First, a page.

Zoe M. Flack, Jessica S. Horst. Two sides to every story: Children learn words better from one storybook page at a time. Infant and Child Development, 2017; e2047 DOI: 10.1002/icd.2047 (paywall) The Input Hypothesis (more generally referred to now as the Comprehension Hypothesis) states that we acquire language by understanding messages (Krashen, 1981, 1982). How exactly do we […]

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College ESL Students “Don’t Have Time” to Read in English, Researchers Claim

From a recent issue of Language Teaching Research (open access) dedicated to vocabulary teaching: For the past decade, we have been witnessing a heated debate between the advocates of ‘vocabulary-through-input’ position and the proponents of word-focused instruction. The most recent example is the discussion between Cobb, Nation, and McQuillan in the October 2016 issue of Reading in […]

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Converging Evidence on Vocabulary Acquisition: Another Look at Reynolds (2016)

In a previous post, I reviewed a recent study by Reynolds (2016) on the impact of frequency and “congnativeness” in vocabulary acquisition. It is worth discussing his data a bit further in order to compare his findings with Paul Nation’s (2014) estimates on the time efficiency of vocabulary acquisition through reading. Nation analyzed a series […]

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Frequency and Cognate Effects in Vocabulary Acquisition

Reynolds, B. (2016). The effects of target word properties on the incidental acquisition of vocabulary through reading. TESL-EJ, 20(3), 1-31. Reading is the most powerful tool available to language acquirers for expanding and broadening vocabulary knowledge. Studies have found that while you have a low probability (around 5-15%) of picking up the meaning of an unknown […]

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Does Vocabulary Instruction Improve Reading Comprehension?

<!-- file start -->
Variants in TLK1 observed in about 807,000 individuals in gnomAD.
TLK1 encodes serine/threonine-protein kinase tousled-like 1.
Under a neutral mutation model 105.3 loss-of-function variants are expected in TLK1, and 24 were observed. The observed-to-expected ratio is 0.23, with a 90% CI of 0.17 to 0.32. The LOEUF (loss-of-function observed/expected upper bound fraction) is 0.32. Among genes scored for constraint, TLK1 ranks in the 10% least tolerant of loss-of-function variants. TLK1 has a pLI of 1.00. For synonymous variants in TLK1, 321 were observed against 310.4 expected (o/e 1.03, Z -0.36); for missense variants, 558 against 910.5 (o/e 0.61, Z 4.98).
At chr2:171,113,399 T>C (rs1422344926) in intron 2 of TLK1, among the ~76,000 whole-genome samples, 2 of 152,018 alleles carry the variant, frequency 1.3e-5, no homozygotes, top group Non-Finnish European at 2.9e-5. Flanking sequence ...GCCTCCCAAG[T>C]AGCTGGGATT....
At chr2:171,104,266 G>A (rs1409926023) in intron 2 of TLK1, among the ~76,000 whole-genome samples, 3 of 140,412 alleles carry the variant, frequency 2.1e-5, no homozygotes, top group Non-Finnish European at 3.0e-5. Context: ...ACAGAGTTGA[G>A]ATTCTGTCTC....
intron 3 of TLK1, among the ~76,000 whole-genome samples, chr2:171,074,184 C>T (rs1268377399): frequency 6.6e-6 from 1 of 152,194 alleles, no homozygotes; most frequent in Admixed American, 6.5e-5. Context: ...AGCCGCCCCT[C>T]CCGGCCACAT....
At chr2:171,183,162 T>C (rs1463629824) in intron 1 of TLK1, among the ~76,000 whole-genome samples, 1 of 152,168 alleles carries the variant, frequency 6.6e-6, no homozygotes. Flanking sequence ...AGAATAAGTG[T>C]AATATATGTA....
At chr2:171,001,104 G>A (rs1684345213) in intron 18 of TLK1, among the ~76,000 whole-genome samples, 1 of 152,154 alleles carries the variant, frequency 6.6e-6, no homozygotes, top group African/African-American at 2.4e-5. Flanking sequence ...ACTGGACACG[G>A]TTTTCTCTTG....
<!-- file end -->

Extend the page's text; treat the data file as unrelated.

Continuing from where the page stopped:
Elleman, A. M., Lindo, E. J., Morphy, P., & Compton, D. L. (2009). The impact of vocabulary instruction on passage-level comprehension of school-age children: A meta-analysis. Journal of Research on Educational Effectiveness, 2(1), 1-44. One of the most widely-cited articles in the past 40 years on the impact of first-language vocabulary instruction on English reading […]

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The IBM Computer Cloud of Unknowing

This press release is making the rounds this week, announcing a collaboration between Sesame Street and the letters I, B, and M. Big Bird and Big Blue are teaming up to do “learning in the cloud” with Jeopardy! champion Ken Jennings Watson the Super-Computer. Their first project together is called a “cognitive vocabulary learning app”: Watson’s augmented […]

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Rakuten, Japan’s 21st Century Online Powerhouse, to Launch 19th Century Language School

One of the leading online retailers in Japan, Rakuten, is getting into the English-teaching business. According to their press release, their “Super English” lessons will use software developed by a new startup in the language teaching “space,” Lingvist.io. Here’s how Lingvist summarizes its system: Lingvist applies mathematical optimization and statistics to make the language-learning process as fast as it can theoretically […]

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How Many Words Can You Acquire in a Year?

There is an exchange in the current issue of Reading in a Foreign Language regarding papers that Paul Nation and I published on the number of words one can acquire through free reading. The original papers are here: Nation (2014) McQuillan (2016) The exchange is here: Tom Cobb’s critique Paul Nation’s response My response I will add […]

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In Case You Missed It: What Can Readers Read After Graded Readers?

Earlier this year I published an article in Reading in a Foreign Language about reading your way to fluency in English. Check it out here (free!).